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My client’s SMSF is intending to enter into an LRBA by borrowing from a related party. How do they decide on the terms and conditions of the loan?
The super law doesn’t dictate any particular terms and conditions for borrowings by super funds, other than requiring that the loan is limited in recourse etc.
However, the super and tax laws do generally require, that SMSFs and their related parties deal with each other on an arm’s length basis (ie on commercial terms). Striking appropriate LRBA terms and conditions is therefore particularly important when the lender is a related party. In contrast, where the SMSF borrows from a bank or other commercial lender, the terms are automatically considered to be arm’s length.
So, how should an SMSF trustee and a related party lender decide on the terms and conditions of a proposed loan?
Fortunately, the ATO has created a list of terms and conditions for superannuation loans that are called “safe harbour” terms (these are set out in Practical Compliance Guideline 2016/5). Funds that adopt these terms can presume that the loan is commercial without having to do any extra work to prove it. The terms and conditions in PCG 2016/5 include:
- benchmark interest rates,
- maximum loan terms,
- maximum loan to market value ratios,
- security requirements,
- nature and frequency of repayments, and
- the existence of a written and executed loan agreement.
Unfortunately, PCG 2016/5 considers only two scenarios for related party loans:
- an SMSF borrowing to buy real property (commercial or residential), and
- an SMSF borrowing to buy listed shares or listed units in a trust.
What if an SMSF wants to borrow from a related party to purchase other types of assets, say units in an unlisted unit trust?
In this case, the onus will be on the SMSF trustee to demonstrate that the related party loan was entered into and maintained on terms consistent with an arm's length dealing. There are a couple of ways of doing that:
- The SMSF trustee could seek finance from a bank or other commercial lender, with the trustee then benchmarking the terms and conditions of the related party loan to an offer made by the financial institution in relation to that particular asset. Note, benchmarking to quotes is unlikely to be enough to establish the commerciality of the loan terms and conditions.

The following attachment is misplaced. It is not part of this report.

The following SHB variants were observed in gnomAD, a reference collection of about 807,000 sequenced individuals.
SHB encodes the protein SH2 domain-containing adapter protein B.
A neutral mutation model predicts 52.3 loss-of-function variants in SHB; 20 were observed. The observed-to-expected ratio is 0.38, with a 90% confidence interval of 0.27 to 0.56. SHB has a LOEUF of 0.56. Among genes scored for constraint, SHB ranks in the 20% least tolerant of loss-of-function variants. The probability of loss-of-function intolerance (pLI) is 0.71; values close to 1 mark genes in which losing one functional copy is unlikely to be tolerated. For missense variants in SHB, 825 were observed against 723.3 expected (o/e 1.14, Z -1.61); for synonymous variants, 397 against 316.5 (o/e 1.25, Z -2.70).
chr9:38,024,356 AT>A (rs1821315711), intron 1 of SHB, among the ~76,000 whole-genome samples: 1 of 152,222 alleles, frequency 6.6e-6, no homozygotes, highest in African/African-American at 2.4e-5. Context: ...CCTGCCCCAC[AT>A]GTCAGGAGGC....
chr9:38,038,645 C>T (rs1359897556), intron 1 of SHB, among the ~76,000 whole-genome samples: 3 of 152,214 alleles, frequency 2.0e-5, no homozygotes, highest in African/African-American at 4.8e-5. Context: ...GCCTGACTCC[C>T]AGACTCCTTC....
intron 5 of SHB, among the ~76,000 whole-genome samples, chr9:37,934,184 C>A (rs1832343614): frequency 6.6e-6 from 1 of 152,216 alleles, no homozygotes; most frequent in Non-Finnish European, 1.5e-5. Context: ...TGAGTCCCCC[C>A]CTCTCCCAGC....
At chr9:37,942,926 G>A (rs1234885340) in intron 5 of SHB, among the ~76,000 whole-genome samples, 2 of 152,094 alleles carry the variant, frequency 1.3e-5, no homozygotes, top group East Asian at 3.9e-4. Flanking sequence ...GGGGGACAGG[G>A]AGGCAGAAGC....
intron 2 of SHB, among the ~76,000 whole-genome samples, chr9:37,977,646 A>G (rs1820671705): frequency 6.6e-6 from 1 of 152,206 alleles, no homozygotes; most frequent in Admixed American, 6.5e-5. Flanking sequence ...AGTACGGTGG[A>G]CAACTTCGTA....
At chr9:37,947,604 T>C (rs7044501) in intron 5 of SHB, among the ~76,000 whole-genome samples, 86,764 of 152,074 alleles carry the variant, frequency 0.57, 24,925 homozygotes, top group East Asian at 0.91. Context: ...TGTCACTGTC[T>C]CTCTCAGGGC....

- Alternatively, the SMSF trustee could seek a private ruling from the ATO in relation to whether the proposed loan terms are considered consistent with an arm’s length dealing.
Note, if the SMSF trustee can’t find a commercial lender willing to lend for the particular asset, then it may be difficult to convince the ATO that a related party loan over the same asset is a commercial arrangement.
What are the consequences if the SMSF borrows from a related party and the loan terms and conditions are not considered arm’s length?
The ATO takes the view that if a super fund loan is not on commercial terms and those terms are more favourable to the fund, all the income earned from the asset bought with the borrowed money (including any capital gains) will be classified as “non arm’s length income” or NALI and taxed at 45%.
The SMSF’s auditor may decide to qualify Part A of the fund’s audit report (ie the financial audit) in this situation if this 45% tax rate hasn’t been applied and the differential would have a material impact on the fund’s financial position.
In the unusual situation where the terms of the loan were more favourable to the related party lender (ie the SMSF was worse off by the transaction), the SMSF would breach the super law. In this situation, the auditor may consider qualifying Part B of the fund’s audit report (ie the compliance audit) and lodging an Auditor Contravention Report with the ATO.
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